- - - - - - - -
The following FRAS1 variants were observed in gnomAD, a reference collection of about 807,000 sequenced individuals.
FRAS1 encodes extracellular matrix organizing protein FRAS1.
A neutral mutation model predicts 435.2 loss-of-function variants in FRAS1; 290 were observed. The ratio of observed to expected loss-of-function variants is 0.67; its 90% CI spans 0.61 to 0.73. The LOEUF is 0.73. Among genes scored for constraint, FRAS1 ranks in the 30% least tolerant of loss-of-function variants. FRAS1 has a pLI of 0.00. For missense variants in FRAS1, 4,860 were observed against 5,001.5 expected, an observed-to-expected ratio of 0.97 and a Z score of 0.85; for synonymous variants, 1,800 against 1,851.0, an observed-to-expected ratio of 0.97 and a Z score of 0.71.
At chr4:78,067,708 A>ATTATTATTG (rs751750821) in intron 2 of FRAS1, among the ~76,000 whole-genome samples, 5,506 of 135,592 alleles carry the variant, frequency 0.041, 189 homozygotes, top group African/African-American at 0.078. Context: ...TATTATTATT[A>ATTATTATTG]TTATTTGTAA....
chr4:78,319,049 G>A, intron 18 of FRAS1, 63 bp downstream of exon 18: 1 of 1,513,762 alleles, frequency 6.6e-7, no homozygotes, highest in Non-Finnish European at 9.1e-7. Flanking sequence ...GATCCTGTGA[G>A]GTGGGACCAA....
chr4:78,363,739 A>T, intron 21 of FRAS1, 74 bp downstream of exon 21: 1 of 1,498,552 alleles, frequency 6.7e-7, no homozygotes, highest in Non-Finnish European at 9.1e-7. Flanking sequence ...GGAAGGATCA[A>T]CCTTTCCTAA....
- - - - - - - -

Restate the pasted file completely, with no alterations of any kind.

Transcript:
The following FRAS1 variants were observed in gnomAD, a reference collection of about 807,000 sequenced individuals.
FRAS1 encodes extracellular matrix organizing protein FRAS1.
A neutral mutation model predicts 435.2 loss-of-function variants in FRAS1; 290 were observed. The ratio of observed to expected loss-of-function variants is 0.67; its 90% CI spans 0.61 to 0.73. The LOEUF is 0.73. Among genes scored for constraint, FRAS1 ranks in the 30% least tolerant of loss-of-function variants. FRAS1 has a pLI of 0.00. For missense variants in FRAS1, 4,860 were observed against 5,001.5 expected, an observed-to-expected ratio of 0.97 and a Z score of 0.85; for synonymous variants, 1,800 against 1,851.0, an observed-to-expected ratio of 0.97 and a Z score of 0.71.
At chr4:78,067,708 A>ATTATTATTG (rs751750821) in intron 2 of FRAS1, among the ~76,000 whole-genome samples, 5,506 of 135,592 alleles carry the variant, frequency 0.041, 189 homozygotes, top group African/African-American at 0.078. Context: ...TATTATTATT[A>ATTATTATTG]TTATTTGTAA....
chr4:78,319,049 G>A, intron 18 of FRAS1, 63 bp downstream of exon 18: 1 of 1,513,762 alleles, frequency 6.6e-7, no homozygotes, highest in Non-Finnish European at 9.1e-7. Flanking sequence ...GATCCTGTGA[G>A]GTGGGACCAA....
chr4:78,363,739 A>T, intron 21 of FRAS1, 74 bp downstream of exon 21: 1 of 1,498,552 alleles, frequency 6.7e-7, no homozygotes, highest in Non-Finnish European at 9.1e-7. Flanking sequence ...GGAAGGATCA[A>T]CCTTTCCTAA....